7. Finance and insurance businesses step up their game
Cyber investment dropped or remained stagnant across many industries this year. Nevertheless, finance and insurance companies bucked the trend by nearly doubling the annual amount of money they spent on average from £9,650 to £17,900. The finance and insurance industries were also the most likely to say cyber security was a very high priority (61 per cent versus 35 per cent overall) and seek information on improving their defences (78 per cent of firms).
8. Less than one in ten businesses have cyber insurance
Just 9 per cent of businesses and 4 per cent of charities have specific cyber insurance coverage, with the most common reasons for not purchasing a policy being a lack of awareness and the belief that cover is unnecessary. In last year’s report, more than one-third (37 per cent) of respondents said they did not even understand their policy. Many businesses also fear current cyber insurance offerings are too restrictive and may not pay out in the event of a breach, which is a topic we recently explored in depth on our blog.
9. Top cyber security risks rely on human error
The most common and damaging cyber security risks typically rely on a staff member making a mistake. This may include downloading a virus, falling victim to fraudulent emails or being directed to fake sites. Nearly half of businesses said fraudulent emails and websites were the breaches that caused the most problems for their business in the last 12 months. Ransomware (7 per cent) and DDoS attacks (6 per cent) were cited much less frequently.
10. One in 10 businesses take no action after a breach
Despite the financial and reputational damage of breaches, 10 per cent of organisations chose to take no further action after suffering material losses after an attack. The survey results also suggest less than 5 per cent of businesses hired more cyber security staff following a breach, although 14 per cent offered more employee training or communications.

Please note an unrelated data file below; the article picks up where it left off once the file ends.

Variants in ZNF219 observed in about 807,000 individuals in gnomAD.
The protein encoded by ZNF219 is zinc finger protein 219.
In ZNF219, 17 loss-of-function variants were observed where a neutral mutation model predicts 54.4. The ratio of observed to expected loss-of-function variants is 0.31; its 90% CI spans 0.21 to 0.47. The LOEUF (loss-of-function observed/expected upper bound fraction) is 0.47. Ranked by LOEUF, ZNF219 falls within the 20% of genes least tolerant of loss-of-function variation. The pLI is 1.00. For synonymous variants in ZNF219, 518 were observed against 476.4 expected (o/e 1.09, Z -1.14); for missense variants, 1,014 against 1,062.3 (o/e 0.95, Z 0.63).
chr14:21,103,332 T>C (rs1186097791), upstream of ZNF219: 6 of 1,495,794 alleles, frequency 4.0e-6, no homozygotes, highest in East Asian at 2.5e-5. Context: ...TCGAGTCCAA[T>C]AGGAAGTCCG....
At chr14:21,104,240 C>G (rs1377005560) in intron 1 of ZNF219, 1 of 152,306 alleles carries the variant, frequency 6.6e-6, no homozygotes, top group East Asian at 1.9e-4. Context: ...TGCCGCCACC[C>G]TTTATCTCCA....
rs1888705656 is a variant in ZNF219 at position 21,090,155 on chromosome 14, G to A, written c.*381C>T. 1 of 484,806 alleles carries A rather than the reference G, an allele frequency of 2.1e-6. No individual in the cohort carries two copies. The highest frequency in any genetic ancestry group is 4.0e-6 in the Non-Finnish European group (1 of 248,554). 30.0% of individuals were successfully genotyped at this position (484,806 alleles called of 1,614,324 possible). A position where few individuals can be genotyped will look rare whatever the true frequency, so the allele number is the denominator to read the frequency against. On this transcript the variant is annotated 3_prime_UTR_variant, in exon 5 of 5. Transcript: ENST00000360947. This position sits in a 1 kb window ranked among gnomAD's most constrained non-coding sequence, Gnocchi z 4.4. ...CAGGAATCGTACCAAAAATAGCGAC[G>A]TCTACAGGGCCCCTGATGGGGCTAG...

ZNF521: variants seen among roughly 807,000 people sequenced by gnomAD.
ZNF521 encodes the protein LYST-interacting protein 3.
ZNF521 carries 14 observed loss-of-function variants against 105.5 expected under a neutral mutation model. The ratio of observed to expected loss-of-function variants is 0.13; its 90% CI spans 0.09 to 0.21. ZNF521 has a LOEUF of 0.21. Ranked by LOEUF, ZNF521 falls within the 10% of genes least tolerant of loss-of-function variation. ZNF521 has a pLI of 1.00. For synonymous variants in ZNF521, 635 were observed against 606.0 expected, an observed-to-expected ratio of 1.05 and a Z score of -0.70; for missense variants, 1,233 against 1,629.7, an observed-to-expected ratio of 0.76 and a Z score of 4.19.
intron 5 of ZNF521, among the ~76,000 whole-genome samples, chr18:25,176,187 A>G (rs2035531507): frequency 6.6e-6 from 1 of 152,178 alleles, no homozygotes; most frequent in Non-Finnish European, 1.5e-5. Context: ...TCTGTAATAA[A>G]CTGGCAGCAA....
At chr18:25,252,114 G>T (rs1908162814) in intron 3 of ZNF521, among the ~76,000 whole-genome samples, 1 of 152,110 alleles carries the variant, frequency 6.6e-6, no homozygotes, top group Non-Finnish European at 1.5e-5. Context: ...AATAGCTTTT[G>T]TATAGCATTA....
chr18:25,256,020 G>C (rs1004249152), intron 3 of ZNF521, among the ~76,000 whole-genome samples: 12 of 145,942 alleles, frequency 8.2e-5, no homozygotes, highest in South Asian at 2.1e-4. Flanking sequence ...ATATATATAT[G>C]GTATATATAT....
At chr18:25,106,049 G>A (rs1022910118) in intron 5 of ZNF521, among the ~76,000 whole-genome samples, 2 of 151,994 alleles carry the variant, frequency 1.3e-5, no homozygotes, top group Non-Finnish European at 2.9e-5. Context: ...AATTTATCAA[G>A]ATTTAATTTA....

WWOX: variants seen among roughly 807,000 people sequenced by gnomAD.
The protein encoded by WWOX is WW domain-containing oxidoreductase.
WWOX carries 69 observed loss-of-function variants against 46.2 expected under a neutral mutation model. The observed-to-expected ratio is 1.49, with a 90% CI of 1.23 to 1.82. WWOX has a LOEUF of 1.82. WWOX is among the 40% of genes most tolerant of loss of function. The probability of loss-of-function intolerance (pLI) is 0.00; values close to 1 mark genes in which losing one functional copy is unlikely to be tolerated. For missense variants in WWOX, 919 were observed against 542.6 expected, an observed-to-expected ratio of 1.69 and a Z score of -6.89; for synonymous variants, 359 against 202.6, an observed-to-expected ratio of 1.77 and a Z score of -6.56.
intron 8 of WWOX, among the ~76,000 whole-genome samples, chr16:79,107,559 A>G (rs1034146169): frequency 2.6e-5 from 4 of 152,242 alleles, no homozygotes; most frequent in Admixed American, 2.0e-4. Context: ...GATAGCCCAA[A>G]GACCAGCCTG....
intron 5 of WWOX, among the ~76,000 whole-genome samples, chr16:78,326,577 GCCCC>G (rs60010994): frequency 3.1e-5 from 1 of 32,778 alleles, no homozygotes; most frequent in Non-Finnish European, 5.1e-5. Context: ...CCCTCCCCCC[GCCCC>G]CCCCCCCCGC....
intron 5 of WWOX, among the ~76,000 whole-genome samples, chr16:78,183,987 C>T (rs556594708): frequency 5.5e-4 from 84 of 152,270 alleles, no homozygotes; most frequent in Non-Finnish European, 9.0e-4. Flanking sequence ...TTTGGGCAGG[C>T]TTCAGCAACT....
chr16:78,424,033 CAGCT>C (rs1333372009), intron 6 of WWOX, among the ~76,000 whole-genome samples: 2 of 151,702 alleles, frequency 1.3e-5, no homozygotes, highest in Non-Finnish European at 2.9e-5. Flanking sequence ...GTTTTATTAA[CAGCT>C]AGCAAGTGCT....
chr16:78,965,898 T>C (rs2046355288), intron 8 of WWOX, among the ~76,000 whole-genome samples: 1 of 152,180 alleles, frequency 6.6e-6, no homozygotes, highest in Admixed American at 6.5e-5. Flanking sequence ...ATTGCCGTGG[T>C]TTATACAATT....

Is your business ready to face cyber security challenges?
The 2018 Cyber Security Breaches report paints a potentially worrying picture for UK organisations. While senior managers claim these issues are a high priority, many businesses appear to be lowering investment in their cyber defences and fewer have formal policies in place to tackle malicious attacks.
The financial cost of breaches is climbing and new regulations such as the GDPR could leave organisations facing hefty fines if they fail to properly secure sensitive data. Now may be the time for businesses to re-evaluate their approach to cyber security and invest more money in strengthening their defences.
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Our 2018 Market Reports combine our review of the prevailing conditions in the security & resilience recruitment market with the results of our latest employer survey.